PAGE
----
Switching between generic versions of the same antiepileptic drug made by different manufacturers does not appear to change the risk of seizure-related events in patients with epilepsy, according to a population-based, case-crossover study of generic antiepileptic drug users.

Instead, the study indicates that delays and complications of the medication refilling process might increase a patient’s risk for a seizure, said first author Aaron Kesselheim, MD, and his associates from Brigham and Women’s Hospital and Harvard Medical School, Boston (Neurology. 2016 Sep 28. doi: 10.1212/WNL.0000000000003259).

Dr. Aaron Kesselheim

Dr. Aaron Kesselheim

“These results add to the growing literature supporting the routine use of interchangeable generic [antiepileptic drugs] among patients with seizure disorders,” the investigators wrote.

Although the results of previous observational studies have demonstrated increased seizure activity following a switch from brand name to generic antiepileptic drugs, Dr. Kesselheim and his associates pointed out that several recent randomized trials have found no link between generic drug switching and seizure risk.

The investigators identified 59,344 patients who had at least one refill of a prescription from the same manufacturer and 5,200 patients who switched from one generic to another during 2000-2010 in the Medicaid Analytic eXtract database as well as during 2005-2013 in a commercial health insurance database. Participants acted as their own controls in the study’s comparison of the effects of a refill or a refill with a switch in manufacturer on seizure-related events (a seizure requiring an emergency department visit or hospitalization) during a hazard period, defined as days 2–36 preceding a seizure-related event, and a control period, defined as days 51–85 preceding the seizure-related event.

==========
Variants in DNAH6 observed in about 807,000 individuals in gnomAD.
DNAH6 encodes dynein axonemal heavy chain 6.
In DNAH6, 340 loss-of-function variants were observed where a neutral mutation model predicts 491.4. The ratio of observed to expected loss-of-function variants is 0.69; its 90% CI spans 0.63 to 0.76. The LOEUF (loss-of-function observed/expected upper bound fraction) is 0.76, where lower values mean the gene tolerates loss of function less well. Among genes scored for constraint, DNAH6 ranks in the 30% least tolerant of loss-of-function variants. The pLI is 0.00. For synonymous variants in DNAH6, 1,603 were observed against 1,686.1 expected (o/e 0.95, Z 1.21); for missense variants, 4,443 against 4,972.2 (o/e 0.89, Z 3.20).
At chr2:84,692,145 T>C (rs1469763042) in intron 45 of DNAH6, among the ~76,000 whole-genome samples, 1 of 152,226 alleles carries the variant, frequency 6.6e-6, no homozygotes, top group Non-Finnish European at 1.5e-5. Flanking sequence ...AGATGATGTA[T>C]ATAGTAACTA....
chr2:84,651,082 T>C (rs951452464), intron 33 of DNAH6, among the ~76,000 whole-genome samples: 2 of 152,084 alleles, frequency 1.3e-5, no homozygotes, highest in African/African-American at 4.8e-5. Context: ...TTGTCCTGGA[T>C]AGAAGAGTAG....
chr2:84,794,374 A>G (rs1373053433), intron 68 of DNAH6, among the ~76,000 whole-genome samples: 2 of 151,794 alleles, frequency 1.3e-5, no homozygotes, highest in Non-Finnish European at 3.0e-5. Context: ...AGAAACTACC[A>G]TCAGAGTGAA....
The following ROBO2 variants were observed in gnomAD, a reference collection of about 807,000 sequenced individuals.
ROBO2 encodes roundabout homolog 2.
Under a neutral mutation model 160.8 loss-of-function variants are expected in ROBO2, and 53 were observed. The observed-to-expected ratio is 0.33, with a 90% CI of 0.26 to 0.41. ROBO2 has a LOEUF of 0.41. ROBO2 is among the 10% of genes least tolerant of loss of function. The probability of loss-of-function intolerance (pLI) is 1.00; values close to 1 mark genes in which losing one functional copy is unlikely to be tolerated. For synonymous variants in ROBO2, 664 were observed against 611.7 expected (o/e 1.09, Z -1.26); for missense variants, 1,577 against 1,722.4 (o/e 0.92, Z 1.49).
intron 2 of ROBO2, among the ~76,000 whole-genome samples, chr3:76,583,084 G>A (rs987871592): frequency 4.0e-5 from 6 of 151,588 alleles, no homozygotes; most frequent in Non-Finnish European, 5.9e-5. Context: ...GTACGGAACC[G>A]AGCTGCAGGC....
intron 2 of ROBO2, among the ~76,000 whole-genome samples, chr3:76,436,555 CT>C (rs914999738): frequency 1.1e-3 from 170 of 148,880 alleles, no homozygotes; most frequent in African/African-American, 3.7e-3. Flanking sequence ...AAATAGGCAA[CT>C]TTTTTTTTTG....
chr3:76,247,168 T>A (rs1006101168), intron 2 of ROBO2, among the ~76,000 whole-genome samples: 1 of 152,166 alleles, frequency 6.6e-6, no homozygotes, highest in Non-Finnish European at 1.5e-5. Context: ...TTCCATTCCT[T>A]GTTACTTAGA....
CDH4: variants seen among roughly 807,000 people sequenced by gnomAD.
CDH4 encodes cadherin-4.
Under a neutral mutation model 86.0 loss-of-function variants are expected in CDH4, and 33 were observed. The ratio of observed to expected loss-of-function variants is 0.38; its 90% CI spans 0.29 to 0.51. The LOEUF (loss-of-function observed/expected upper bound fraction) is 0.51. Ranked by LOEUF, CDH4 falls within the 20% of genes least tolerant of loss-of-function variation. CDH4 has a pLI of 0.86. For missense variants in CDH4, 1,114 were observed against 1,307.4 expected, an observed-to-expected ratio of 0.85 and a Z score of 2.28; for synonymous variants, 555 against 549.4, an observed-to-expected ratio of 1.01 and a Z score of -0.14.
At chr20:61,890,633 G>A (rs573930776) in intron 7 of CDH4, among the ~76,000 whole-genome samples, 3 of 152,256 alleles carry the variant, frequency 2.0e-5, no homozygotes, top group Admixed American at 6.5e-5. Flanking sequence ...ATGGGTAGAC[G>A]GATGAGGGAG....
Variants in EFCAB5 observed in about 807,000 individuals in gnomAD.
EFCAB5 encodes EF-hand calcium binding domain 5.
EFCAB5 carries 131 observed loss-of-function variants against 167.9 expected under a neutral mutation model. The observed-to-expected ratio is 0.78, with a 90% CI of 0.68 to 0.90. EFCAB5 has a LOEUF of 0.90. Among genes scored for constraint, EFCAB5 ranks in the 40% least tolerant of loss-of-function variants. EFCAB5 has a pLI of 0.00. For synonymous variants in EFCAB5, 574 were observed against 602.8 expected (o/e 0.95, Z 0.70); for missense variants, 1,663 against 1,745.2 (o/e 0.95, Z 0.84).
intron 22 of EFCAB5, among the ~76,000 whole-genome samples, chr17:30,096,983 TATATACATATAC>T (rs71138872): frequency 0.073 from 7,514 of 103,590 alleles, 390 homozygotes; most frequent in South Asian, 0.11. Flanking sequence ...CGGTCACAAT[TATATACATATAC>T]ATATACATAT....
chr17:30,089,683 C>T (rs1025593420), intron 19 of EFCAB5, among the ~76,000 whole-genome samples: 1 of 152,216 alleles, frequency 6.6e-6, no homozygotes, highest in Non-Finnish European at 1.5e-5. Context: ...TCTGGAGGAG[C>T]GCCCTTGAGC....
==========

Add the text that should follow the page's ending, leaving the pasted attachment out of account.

Overall, generic antiepileptic refilling of the same medication from the same manufacturer was associated with an 8% increase in the odds of having a seizure-related event (95% confidence interval, 1.06–1.11). When the refill involved a switch to the same generic drug made by a different manufacturer, the odds of a seizure-related event rose by 9% (95% CI, 1.03–1.15). When this involved a change in the shape or color of the pill, the odds increased by 11% (95% CI, 1.05–1.18) but did not increase when the switch was made to a pill with the same color and shape. The increased odds of seizure-related events became nonsignificant when the researchers adjusted these comparisons for the process of refilling, which the authors noted “is often not straightforward. [And] patients have expressed frustration with delays and other complicating factors relating to refilling. … Greater work to enhance the refilling process, and to determine whether mail order pharmacies successfully improve outcomes on this point, is necessary.”

The study was not supported by any specific targeted funding. The investigators reported receiving support from various foundations and from programs within Harvard University and grants from the Agency for Healthcare Research and Quality and the Food and Drug Administration; the investigators also disclosed acting in a research support role for and/or receiving financial compensation from several pharmaceutical companies and other organizations.

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